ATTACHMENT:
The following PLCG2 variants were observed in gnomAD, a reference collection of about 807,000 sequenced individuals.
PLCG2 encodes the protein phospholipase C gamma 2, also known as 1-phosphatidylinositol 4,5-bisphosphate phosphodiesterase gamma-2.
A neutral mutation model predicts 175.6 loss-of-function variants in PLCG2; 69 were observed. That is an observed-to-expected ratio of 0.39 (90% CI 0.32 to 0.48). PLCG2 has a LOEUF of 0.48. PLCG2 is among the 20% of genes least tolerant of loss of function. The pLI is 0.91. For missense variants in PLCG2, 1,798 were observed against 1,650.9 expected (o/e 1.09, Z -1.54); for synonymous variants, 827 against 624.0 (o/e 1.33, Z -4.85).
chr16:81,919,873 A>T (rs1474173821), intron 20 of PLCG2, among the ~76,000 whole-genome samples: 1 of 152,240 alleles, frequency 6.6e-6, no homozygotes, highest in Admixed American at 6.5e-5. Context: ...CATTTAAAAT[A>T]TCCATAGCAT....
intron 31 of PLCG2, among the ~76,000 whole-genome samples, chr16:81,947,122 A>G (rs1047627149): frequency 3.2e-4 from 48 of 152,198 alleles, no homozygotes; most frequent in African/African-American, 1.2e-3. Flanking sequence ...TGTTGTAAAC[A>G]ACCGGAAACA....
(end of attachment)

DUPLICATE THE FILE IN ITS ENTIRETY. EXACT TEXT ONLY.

The following PLCG2 variants were observed in gnomAD, a reference collection of about 807,000 sequenced individuals.
PLCG2 encodes the protein phospholipase C gamma 2, also known as 1-phosphatidylinositol 4,5-bisphosphate phosphodiesterase gamma-2.
A neutral mutation model predicts 175.6 loss-of-function variants in PLCG2; 69 were observed. That is an observed-to-expected ratio of 0.39 (90% CI 0.32 to 0.48). PLCG2 has a LOEUF of 0.48. PLCG2 is among the 20% of genes least tolerant of loss of function. The pLI is 0.91. For missense variants in PLCG2, 1,798 were observed against 1,650.9 expected (o/e 1.09, Z -1.54); for synonymous variants, 827 against 624.0 (o/e 1.33, Z -4.85).
chr16:81,919,873 A>T (rs1474173821), intron 20 of PLCG2, among the ~76,000 whole-genome samples: 1 of 152,240 alleles, frequency 6.6e-6, no homozygotes, highest in Admixed American at 6.5e-5. Context: ...CATTTAAAAT[A>T]TCCATAGCAT....
intron 31 of PLCG2, among the ~76,000 whole-genome samples, chr16:81,947,122 A>G (rs1047627149): frequency 3.2e-4 from 48 of 152,198 alleles, no homozygotes; most frequent in African/African-American, 1.2e-3. Flanking sequence ...TGTTGTAAAC[A>G]ACCGGAAACA....